I discovered your blog while researching foods to feed my 15 year old chihuahua,Caesar who was recently diagnosed with kidney failure. He was put on a prescription diet food by his vet which he’s been ok with so far but I wanted to learn more about this awful disease and ways to make eating a more enjoyable experience for him.
First let me say how sorry I am for your loss of Ben. Caesar is also my best friend and has been by my side through some very difficult times in my life. He has always been the brightest part of my every day and I’m unable to imagine my life without him. However, I’m determined to make his last days the best they can be and I have you to thank in part for that! Your article was so informative, well written, and easy to understand. It took away much of the confusion I had and gave me paths to research on my own. Caesar and I both thank you from the bottom of our hearts for the time and effort you put into helping others faced with this crisis!
God Bless You!
Hi Michelle — Your comment is very kind and a beautiful thing to read this morning. Thank you I’m truly sorry that you find yourself on this path now as well, but I do hope, as you write, that what you have found here on my blog provides you a measure of hope and a few kernels to formulate a plan that gets you and Caesar to the finish line safely and with your hearts in tact. It sounds like you are approaching this situation in the best way possible and I do wish you the best in the days, weeks and months ahead — and a Merry Christmas. May they all be beautiful. ~ Dale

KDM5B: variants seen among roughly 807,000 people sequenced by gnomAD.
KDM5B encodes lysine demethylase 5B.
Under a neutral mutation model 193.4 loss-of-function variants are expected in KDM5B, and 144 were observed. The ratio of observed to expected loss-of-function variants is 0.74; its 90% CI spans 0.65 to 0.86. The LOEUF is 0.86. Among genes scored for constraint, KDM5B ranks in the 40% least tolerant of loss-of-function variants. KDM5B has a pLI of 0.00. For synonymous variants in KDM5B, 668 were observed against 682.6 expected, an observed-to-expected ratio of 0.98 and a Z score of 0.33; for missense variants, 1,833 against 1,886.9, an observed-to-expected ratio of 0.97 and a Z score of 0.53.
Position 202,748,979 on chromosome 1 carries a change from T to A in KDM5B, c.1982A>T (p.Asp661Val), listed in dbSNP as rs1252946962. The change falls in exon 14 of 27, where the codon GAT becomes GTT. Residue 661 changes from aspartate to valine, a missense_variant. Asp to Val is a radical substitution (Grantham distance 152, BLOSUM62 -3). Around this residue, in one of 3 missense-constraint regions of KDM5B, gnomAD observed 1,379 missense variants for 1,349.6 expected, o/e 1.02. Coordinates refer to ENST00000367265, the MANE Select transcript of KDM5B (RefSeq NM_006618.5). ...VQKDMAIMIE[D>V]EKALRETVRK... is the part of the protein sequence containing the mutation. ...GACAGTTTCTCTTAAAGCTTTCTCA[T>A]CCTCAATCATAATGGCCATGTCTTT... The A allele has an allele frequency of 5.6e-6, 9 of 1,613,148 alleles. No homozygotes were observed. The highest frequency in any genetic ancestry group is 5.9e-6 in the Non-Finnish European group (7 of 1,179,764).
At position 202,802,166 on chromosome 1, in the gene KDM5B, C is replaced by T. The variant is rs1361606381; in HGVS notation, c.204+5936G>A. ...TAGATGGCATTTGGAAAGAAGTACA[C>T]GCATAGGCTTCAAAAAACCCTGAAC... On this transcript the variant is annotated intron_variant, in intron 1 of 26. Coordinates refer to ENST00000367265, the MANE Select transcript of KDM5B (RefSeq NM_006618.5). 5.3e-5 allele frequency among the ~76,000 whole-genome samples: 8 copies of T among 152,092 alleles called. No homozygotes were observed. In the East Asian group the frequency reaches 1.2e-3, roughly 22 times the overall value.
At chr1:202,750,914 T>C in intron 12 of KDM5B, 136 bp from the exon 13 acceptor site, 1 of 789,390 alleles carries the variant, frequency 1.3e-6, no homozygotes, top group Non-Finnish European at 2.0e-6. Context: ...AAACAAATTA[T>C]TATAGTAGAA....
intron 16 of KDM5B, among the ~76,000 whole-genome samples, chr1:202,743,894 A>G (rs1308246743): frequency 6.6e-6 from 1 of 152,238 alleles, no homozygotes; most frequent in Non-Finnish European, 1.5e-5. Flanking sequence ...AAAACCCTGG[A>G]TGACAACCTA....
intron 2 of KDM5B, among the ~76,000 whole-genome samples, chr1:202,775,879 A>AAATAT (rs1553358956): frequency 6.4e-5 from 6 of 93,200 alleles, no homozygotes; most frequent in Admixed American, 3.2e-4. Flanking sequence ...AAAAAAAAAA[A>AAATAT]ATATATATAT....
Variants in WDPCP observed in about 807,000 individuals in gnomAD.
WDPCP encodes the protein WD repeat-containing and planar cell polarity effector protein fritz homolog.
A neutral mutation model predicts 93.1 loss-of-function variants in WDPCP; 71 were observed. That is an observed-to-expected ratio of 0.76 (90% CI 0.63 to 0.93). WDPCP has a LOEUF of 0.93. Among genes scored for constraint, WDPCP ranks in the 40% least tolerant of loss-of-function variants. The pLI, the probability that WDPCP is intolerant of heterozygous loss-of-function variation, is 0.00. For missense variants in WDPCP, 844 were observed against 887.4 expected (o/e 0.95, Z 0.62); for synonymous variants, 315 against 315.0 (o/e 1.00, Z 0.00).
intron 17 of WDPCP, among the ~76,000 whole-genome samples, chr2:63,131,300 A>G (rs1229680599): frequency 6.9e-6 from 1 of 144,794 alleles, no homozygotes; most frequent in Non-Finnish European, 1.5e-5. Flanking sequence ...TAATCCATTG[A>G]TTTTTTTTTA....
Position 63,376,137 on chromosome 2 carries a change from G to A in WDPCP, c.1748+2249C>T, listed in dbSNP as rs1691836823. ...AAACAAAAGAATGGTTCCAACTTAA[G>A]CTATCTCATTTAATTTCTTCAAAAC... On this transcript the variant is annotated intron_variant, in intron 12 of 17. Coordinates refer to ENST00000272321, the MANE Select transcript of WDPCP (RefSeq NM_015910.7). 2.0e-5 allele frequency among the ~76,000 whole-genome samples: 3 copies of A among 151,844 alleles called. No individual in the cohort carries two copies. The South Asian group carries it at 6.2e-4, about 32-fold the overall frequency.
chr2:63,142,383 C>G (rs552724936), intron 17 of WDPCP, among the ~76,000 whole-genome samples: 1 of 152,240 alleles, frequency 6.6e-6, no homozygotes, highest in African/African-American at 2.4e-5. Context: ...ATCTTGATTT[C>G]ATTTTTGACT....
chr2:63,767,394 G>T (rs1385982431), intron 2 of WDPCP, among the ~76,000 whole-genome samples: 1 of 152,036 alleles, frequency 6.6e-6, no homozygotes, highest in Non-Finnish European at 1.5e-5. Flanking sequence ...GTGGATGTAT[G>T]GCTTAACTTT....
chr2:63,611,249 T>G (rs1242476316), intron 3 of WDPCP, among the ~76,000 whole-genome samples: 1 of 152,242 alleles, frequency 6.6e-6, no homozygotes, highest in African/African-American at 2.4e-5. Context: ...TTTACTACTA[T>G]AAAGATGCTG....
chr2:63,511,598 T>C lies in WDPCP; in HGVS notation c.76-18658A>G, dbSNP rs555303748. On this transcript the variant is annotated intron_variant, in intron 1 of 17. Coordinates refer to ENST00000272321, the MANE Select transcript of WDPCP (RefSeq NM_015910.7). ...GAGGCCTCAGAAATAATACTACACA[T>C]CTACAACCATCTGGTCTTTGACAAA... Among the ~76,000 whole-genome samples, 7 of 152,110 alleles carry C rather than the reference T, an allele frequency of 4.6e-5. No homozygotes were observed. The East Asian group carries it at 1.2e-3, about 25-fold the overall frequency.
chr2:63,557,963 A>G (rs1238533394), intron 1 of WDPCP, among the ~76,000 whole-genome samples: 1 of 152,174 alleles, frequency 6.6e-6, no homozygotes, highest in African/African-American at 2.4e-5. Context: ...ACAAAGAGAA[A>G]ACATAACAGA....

Hi Dale, I found your blog looking for recipes to make my Maltese. One of her kidneys is stopped functioning and is turning into scar tissue and the other has been diagnosed w kidney disease. Was told to put my dog in a low phosphorus diet. But that’s not as simple as it seems. Been doing lots of research and I found your blog super informative. Thank you!
Question for you. Do you not recommend organic white chicken or lean turkey? Why lean red meat? Or pork and fish? I’m trying to understand what’s best for my dog. Thank you so much! Michele
Hi Michele — I’m very that your dog has found herself in this medical situation and need. It was in my experience a deeply emotional development to navigate and I was also grateful for any information that helped in my awareness. A layman’s understanding of the disease and options led me to look at the phosphorus levels of different proteins which varied by cut as well. Dark meats on fowl we’re generally lower in phosphorus. There are a few links in my blog to lists that you can use but a Google search of ingredients by phosphorus levels will answer any specific questions you might have as you make your own choices. And, yes, organic would be a better choice in the ingredients you choose — but don’t choose something just because it is organic … the phosphorus levels are still the key. Hope this helps and best of luck to you.
I found your blog while searching for home cooked diet for a dog with both a heart condition and kidney problems. “Lucy” is our 13 year old Australian Cattle Dog. My wife and I call her our Earth Angel and we love her intensely. She was diagnosed with a leaky heart valve a year ago and in February our vet gave her two months to live. She is still around although we believe the 3 heart meds she was taking eventually made her sick to the point of not eating. She is still very weak but has a will. She wags her tail and still wants to go with our other two dogs on a daily walk. I also should mention that she is a special needs dog that we rescued. She is on the Autism spectrum which yes does exist in some dogs. She is the sweetest dog in the world and trusts my wife and I but few others.